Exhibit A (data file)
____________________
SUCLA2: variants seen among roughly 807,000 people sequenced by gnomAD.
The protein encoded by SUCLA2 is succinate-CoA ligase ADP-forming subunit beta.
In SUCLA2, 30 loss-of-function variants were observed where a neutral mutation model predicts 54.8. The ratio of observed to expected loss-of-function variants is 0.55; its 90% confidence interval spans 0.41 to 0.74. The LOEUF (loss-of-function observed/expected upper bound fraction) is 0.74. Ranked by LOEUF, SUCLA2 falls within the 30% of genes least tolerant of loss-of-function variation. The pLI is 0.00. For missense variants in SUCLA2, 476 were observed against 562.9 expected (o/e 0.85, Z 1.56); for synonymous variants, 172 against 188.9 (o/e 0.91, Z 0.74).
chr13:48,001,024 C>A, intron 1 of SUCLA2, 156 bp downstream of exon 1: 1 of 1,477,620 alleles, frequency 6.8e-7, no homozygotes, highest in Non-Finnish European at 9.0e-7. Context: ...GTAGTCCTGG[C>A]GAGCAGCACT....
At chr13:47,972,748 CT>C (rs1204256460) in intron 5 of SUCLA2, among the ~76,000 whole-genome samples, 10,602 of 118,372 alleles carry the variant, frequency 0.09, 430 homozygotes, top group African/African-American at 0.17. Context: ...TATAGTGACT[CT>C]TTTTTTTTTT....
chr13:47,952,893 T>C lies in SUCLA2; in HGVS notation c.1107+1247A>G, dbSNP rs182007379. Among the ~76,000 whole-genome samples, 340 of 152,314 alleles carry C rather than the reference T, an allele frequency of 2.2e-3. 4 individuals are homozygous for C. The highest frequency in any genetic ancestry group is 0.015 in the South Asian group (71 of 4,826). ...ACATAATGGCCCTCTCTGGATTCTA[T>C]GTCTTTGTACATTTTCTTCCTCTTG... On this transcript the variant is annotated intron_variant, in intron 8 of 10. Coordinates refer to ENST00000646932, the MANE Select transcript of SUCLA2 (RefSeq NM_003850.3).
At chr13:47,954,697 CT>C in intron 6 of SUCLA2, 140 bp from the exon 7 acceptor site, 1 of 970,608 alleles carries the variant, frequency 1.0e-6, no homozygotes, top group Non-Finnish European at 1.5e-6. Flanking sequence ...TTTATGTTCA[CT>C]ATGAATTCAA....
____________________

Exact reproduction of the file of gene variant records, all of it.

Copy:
SUCLA2: variants seen among roughly 807,000 people sequenced by gnomAD.
The protein encoded by SUCLA2 is succinate-CoA ligase ADP-forming subunit beta.
In SUCLA2, 30 loss-of-function variants were observed where a neutral mutation model predicts 54.8. The ratio of observed to expected loss-of-function variants is 0.55; its 90% confidence interval spans 0.41 to 0.74. The LOEUF (loss-of-function observed/expected upper bound fraction) is 0.74. Ranked by LOEUF, SUCLA2 falls within the 30% of genes least tolerant of loss-of-function variation. The pLI is 0.00. For missense variants in SUCLA2, 476 were observed against 562.9 expected (o/e 0.85, Z 1.56); for synonymous variants, 172 against 188.9 (o/e 0.91, Z 0.74).
chr13:48,001,024 C>A, intron 1 of SUCLA2, 156 bp downstream of exon 1: 1 of 1,477,620 alleles, frequency 6.8e-7, no homozygotes, highest in Non-Finnish European at 9.0e-7. Context: ...GTAGTCCTGG[C>A]GAGCAGCACT....
At chr13:47,972,748 CT>C (rs1204256460) in intron 5 of SUCLA2, among the ~76,000 whole-genome samples, 10,602 of 118,372 alleles carry the variant, frequency 0.09, 430 homozygotes, top group African/African-American at 0.17. Context: ...TATAGTGACT[CT>C]TTTTTTTTTT....
chr13:47,952,893 T>C lies in SUCLA2; in HGVS notation c.1107+1247A>G, dbSNP rs182007379. Among the ~76,000 whole-genome samples, 340 of 152,314 alleles carry C rather than the reference T, an allele frequency of 2.2e-3. 4 individuals are homozygous for C. The highest frequency in any genetic ancestry group is 0.015 in the South Asian group (71 of 4,826). ...ACATAATGGCCCTCTCTGGATTCTA[T>C]GTCTTTGTACATTTTCTTCCTCTTG... On this transcript the variant is annotated intron_variant, in intron 8 of 10. Coordinates refer to ENST00000646932, the MANE Select transcript of SUCLA2 (RefSeq NM_003850.3).
At chr13:47,954,697 CT>C in intron 6 of SUCLA2, 140 bp from the exon 7 acceptor site, 1 of 970,608 alleles carries the variant, frequency 1.0e-6, no homozygotes, top group Non-Finnish European at 1.5e-6. Flanking sequence ...TTTATGTTCA[CT>C]ATGAATTCAA....